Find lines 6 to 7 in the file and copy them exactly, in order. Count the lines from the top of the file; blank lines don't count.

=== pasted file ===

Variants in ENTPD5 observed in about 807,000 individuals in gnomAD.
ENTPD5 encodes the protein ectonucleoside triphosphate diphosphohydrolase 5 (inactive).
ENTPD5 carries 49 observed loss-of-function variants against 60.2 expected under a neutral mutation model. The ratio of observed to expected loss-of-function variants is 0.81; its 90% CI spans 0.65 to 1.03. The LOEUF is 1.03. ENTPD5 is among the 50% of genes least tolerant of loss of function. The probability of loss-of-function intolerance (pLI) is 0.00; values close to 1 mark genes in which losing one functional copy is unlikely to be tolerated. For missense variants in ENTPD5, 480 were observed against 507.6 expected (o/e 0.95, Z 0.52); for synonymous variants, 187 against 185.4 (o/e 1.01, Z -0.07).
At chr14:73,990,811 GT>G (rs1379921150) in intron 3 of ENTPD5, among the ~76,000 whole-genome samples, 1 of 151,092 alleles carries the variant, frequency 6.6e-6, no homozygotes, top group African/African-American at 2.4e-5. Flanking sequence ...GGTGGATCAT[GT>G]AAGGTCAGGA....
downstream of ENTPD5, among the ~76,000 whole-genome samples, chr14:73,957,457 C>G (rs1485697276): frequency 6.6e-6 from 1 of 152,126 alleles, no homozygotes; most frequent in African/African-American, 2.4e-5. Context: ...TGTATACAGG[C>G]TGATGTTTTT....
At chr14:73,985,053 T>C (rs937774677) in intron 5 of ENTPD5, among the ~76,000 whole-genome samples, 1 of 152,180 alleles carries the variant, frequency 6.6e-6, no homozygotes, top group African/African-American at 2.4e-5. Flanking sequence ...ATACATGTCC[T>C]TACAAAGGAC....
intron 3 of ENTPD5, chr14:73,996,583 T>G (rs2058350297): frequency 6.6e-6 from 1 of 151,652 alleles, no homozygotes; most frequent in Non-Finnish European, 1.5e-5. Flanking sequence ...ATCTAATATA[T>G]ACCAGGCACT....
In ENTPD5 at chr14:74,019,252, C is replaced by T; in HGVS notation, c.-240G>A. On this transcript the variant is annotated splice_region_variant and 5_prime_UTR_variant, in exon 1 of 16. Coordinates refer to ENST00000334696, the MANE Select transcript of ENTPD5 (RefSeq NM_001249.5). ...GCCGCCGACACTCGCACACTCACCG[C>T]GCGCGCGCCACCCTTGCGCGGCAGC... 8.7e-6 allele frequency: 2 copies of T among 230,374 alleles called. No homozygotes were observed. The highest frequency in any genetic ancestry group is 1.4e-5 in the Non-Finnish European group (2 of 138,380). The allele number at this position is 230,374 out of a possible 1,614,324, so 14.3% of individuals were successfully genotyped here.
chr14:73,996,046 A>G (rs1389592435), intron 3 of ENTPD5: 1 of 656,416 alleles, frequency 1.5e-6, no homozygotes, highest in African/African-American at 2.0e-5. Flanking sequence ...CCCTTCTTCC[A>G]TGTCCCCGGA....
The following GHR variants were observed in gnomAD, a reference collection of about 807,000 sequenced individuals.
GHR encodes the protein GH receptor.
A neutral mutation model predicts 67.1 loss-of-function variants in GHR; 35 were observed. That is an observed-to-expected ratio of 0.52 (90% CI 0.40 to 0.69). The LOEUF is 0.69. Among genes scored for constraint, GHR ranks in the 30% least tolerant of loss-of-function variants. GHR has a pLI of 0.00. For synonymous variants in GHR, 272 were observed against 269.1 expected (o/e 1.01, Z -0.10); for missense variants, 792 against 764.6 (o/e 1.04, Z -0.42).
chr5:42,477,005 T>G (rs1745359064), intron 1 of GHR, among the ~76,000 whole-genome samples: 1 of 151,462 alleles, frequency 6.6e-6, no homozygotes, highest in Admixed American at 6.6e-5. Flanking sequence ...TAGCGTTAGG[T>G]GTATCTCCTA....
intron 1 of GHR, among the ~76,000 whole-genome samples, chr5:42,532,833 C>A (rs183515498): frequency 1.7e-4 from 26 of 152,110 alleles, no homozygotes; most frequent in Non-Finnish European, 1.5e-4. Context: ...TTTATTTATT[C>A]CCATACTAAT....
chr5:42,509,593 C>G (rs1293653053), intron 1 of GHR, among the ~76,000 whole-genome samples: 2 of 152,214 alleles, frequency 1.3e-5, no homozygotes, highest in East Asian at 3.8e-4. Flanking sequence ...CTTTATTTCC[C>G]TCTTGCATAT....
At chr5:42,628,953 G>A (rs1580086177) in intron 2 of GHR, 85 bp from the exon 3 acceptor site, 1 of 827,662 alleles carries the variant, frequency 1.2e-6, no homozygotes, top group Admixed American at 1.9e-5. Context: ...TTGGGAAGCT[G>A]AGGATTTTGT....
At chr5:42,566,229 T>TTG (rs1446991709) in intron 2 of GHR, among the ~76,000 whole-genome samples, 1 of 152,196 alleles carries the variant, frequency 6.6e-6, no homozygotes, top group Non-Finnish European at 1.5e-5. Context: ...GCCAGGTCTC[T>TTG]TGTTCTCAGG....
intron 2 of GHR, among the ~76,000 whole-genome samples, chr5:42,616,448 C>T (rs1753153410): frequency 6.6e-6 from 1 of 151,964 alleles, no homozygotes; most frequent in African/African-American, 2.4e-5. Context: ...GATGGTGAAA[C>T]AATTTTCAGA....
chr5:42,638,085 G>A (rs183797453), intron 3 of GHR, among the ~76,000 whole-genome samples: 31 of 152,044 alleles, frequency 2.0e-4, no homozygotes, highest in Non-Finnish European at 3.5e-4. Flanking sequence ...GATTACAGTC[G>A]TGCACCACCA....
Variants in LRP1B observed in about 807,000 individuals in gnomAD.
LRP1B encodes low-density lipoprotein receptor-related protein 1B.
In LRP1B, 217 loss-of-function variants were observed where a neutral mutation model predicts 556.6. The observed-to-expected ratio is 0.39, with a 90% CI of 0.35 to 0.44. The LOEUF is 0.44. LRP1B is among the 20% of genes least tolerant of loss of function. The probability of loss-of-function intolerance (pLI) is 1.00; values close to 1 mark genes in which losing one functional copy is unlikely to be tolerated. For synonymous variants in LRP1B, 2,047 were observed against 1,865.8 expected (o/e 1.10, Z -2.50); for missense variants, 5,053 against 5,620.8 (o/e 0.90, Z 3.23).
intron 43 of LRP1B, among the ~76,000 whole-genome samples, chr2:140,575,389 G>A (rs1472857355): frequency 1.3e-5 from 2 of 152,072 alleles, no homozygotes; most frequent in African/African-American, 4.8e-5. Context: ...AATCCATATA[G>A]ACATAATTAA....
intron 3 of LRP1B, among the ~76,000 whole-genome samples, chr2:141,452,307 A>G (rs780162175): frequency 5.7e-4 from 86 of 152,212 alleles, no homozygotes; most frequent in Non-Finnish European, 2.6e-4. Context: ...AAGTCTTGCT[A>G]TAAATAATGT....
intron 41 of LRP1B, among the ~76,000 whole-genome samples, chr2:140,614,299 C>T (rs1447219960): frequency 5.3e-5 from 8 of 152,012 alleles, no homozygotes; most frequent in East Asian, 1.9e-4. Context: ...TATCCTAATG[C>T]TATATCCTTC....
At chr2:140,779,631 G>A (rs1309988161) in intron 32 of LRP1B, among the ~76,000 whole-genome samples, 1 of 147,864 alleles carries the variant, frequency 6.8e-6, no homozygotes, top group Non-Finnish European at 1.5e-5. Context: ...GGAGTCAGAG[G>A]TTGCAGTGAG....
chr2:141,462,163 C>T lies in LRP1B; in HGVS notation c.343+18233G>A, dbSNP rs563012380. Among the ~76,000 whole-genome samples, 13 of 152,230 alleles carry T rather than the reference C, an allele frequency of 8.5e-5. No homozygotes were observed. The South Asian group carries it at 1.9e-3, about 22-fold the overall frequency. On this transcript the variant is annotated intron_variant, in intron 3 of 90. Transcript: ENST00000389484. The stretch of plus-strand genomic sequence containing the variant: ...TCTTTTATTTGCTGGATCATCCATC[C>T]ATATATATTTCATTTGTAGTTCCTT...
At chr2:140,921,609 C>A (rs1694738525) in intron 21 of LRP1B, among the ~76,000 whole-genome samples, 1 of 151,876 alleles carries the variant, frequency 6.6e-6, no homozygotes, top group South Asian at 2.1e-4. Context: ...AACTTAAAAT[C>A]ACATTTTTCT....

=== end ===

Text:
At chr14:73,985,053 T>C (rs937774677) in intron 5 of ENTPD5, among the ~76,000 whole-genome samples, 1 of 152,180 alleles carries the variant, frequency 6.6e-6, no homozygotes, top group African/African-American at 2.4e-5. Flanking sequence ...ATACATGTCC[T>C]TACAAAGGAC....
intron 3 of ENTPD5, chr14:73,996,583 T>G (rs2058350297): frequency 6.6e-6 from 1 of 151,652 alleles, no homozygotes; most frequent in Non-Finnish European, 1.5e-5. Flanking sequence ...ATCTAATATA[T>G]ACCAGGCACT....